Bangko Sentral hikes interest rates again over high inflation

AGGRESSIVE. The Bangko Sentral ng Pilipinas implements another wave of interest rate hikes amid high inflation. File photo by Inoue Jaena/Rappler

AGGRESSIVE. The Bangko Sentral ng Pilipinas implements another wave of interest rate hikes amid high inflation.

File photo by Inoue Jaena/Rappler

MANILA, Philippines (3rd UPDATE) – The Bangko Sentral ng Pilipinas (BSP) raised interest rates by 50 basis points (bps), meeting market expectations.

This brings the overnight reverse repurchase (RRP) rate to 4%.

Interest rates on the overnight lending and deposit facilities were also raised accordingly.

"The Monetary Board noted that latest baseline forecasts have shifted higher over the policy horizon, indicating some risk of inflation exceeding the target in 2019," BSP Governor Nestor Espenilla Jr said in a press briefing on Thursday, August 9.

Inflation jumped to 5.7% in July, the highest in 5 years under base year 2012.

Espenilla said inflation remains likely to stay high for the rest of 2018, but is still expected to fall within the 2% to 4% target in 2019.

The decision came on the same day the Philippine Statistics Authority announced that gross domestic product slowed down to 6% in the 2nd quarter of 2018.

Despite the growth missing market expectations, Espenilla said the "economy can accommodate further tightening of monetary policy settings."

The Monetary Board already raised policy rates twice back in May and June to 50 bps, as inflation expectations remained high. (READ: FAST FACTS: What does the Bangko Sentral ng Pilipinas do?)

How it works: Interest rate changes are at the heart of the BSP's conduct of monetary policy.

Banks are restricted from releasing all of their money to the public and are required to keep a certain percentage of their total funds. This is referred to as the reserve requirement ratio (RRR). The BSP is implementing an 18% RRR for banks.

To follow the BSP's guideline, banks keep their funds in check and at times need to borrow from other banks when they fall below the RRR. Borrowing from other banks means they need to pay interest, referred to as the overnight reverse repurchase (RRP) rate.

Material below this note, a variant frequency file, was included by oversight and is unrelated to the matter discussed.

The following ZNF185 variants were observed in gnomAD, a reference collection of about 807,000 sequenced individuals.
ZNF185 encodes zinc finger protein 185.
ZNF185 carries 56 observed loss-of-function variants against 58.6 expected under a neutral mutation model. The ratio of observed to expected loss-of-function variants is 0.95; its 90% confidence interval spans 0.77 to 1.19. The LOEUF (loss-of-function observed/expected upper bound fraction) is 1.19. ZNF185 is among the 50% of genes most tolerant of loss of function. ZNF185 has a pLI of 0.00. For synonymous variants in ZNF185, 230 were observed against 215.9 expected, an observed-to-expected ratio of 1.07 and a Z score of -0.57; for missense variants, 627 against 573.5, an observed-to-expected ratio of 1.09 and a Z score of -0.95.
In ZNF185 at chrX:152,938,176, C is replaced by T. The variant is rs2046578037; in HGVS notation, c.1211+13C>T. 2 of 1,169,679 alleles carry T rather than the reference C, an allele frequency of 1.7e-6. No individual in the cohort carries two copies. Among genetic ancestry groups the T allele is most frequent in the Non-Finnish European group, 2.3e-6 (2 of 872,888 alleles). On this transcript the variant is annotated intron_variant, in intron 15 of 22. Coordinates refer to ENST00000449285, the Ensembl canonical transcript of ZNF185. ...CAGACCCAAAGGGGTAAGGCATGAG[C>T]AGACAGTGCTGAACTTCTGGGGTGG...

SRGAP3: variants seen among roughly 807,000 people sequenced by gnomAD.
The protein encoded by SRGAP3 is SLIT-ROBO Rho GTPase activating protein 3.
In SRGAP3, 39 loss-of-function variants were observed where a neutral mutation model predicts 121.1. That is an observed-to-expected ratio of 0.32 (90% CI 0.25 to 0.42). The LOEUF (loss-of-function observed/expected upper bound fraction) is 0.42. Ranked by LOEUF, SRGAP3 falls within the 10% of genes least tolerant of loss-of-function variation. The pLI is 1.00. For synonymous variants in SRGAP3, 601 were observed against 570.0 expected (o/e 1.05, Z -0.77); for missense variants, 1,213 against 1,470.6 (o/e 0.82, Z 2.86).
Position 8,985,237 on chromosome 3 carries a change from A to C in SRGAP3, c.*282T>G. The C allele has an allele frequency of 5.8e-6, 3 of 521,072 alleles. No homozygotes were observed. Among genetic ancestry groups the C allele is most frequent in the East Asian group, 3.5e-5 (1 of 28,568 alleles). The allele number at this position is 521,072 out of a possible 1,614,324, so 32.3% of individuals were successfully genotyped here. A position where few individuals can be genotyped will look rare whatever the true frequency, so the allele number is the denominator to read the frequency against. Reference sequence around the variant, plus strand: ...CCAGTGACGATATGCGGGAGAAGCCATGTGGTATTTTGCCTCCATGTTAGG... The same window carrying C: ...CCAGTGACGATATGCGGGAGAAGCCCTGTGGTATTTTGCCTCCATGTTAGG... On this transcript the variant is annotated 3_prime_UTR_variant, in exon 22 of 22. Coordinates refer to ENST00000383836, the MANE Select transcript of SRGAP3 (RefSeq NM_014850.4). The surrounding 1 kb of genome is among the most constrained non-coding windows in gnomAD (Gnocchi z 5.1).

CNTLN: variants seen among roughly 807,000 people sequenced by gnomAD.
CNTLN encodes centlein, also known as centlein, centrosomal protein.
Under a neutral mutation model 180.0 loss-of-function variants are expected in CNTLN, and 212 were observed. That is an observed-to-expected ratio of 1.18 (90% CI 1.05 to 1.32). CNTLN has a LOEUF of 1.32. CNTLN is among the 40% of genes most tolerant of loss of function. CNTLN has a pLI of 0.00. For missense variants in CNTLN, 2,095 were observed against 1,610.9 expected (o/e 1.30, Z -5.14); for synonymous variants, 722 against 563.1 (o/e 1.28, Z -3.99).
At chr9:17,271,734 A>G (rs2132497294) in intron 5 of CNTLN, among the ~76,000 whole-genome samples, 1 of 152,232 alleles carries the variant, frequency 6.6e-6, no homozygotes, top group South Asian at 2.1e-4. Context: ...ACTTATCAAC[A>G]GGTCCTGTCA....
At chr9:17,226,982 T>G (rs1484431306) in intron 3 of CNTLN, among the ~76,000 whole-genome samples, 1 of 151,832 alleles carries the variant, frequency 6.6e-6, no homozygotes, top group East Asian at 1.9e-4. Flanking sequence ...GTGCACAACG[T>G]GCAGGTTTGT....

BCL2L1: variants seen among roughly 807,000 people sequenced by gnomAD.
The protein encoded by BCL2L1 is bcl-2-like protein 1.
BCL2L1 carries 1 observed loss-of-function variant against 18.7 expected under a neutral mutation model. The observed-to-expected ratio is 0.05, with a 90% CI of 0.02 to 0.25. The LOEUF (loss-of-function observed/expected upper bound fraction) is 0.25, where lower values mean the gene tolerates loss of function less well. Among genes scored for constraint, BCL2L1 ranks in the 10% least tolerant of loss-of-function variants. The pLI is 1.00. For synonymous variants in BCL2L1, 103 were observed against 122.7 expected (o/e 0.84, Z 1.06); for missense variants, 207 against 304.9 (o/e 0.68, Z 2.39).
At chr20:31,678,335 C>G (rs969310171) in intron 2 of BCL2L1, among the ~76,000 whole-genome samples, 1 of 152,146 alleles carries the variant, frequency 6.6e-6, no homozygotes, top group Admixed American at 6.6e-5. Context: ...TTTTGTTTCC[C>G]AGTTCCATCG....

Higher interest would discourage banks from borrowing from other banks. This also means that banks would be more careful to shell out funds and give out loans to consumers.

How it affects inflation: Raising the interest rate creates a ripple effect across the economy. It generally means higher borrowing costs for consumers and would lead to people spending less.

Less spending in the economy slows down the demand for goods. Low consumer spending would then encourage businesses to lower their prices and cause inflation to fall or at least stabilize.

Businesses would also cut back on spending because of higher interest rates.

How it affects sectors: Since consumers reduce spending amid high interest rates, businesses' earnings fall. Companies listed under the Philippine Stock Exchange would then report lower earnings and their stock prices would drop.

On the other hand, when interest rates fall, consumers and businesses increase spending and this results in higher stock prices.

In summary, interest rates influence stocks, consumer and business spending, and inflation. However, changes in monetary policy usually operate with a lag of around 10 to 12 months, so effects may not be felt immediately. – Rappler.com

Ralf Rivas

A sociologist by heart, a journalist by profession. Ralf is Rappler's business reporter, covering macroeconomy, government finance, companies, and agriculture.

image